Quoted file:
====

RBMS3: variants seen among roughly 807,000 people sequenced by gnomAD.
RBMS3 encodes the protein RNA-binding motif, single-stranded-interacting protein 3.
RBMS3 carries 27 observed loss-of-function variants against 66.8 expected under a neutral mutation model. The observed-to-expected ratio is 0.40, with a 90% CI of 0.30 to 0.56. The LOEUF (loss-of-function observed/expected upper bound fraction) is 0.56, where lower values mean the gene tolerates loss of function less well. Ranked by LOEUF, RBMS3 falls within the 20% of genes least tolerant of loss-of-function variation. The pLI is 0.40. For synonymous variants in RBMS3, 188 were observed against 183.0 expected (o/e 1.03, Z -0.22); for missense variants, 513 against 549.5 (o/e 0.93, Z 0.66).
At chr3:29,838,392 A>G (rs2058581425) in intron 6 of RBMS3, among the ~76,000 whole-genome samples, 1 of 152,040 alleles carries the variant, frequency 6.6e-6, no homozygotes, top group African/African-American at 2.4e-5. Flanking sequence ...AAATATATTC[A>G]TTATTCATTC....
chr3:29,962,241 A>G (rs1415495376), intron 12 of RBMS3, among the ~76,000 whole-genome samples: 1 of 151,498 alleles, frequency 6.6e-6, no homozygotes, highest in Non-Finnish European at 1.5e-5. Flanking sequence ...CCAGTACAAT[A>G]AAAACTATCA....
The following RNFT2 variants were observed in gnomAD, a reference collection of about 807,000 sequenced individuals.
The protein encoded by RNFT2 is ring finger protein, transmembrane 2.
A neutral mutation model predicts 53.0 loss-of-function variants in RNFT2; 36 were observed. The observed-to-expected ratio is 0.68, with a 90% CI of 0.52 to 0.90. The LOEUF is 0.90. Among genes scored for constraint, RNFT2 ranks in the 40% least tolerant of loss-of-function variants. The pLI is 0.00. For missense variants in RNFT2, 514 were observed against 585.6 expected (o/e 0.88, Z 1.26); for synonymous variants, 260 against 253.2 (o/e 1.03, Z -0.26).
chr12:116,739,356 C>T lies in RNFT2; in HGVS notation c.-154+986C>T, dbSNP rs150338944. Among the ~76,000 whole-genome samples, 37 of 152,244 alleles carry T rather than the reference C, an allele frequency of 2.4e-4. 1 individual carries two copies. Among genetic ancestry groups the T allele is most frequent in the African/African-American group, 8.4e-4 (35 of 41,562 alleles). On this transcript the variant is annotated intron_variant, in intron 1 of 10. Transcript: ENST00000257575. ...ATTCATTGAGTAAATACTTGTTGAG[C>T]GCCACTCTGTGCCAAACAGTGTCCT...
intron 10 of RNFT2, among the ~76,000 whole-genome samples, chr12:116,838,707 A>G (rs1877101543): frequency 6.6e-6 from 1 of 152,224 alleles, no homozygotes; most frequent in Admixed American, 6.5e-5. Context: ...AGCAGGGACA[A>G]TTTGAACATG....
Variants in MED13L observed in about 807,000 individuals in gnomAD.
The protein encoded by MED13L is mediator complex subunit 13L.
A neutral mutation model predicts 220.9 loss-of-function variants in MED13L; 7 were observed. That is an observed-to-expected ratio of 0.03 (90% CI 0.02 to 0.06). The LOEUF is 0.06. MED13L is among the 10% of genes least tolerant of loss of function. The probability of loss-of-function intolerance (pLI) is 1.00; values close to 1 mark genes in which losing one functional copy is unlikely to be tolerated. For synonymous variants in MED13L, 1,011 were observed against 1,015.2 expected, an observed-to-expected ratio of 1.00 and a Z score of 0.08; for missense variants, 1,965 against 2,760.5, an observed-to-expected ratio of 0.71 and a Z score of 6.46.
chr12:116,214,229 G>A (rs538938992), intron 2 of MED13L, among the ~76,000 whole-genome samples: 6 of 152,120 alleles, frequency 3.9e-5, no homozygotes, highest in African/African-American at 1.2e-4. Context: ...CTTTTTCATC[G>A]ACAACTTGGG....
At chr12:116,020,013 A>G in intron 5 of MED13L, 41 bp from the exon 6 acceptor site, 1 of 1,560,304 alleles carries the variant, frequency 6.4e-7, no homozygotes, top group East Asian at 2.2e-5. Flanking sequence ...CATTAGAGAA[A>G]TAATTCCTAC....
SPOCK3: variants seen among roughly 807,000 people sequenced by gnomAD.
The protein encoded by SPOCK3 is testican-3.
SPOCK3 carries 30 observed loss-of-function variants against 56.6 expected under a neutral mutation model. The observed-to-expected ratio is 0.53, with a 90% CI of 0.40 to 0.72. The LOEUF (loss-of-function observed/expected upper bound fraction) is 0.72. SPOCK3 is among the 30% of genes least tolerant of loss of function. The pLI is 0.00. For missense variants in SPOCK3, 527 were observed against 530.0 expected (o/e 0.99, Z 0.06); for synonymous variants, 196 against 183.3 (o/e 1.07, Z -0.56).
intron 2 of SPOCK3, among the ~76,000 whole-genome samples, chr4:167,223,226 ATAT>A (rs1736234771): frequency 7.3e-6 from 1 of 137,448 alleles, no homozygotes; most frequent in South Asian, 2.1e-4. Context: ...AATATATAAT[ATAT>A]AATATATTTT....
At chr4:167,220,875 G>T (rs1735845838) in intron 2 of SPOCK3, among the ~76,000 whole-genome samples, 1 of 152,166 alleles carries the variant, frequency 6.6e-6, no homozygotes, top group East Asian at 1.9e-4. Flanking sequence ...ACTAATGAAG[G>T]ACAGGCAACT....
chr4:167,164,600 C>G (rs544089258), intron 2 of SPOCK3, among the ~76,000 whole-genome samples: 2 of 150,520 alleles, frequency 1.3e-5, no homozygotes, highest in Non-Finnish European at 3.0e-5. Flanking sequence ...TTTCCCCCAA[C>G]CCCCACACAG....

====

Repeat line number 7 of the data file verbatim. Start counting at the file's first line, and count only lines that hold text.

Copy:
The protein encoded by RNFT2 is ring finger protein, transmembrane 2.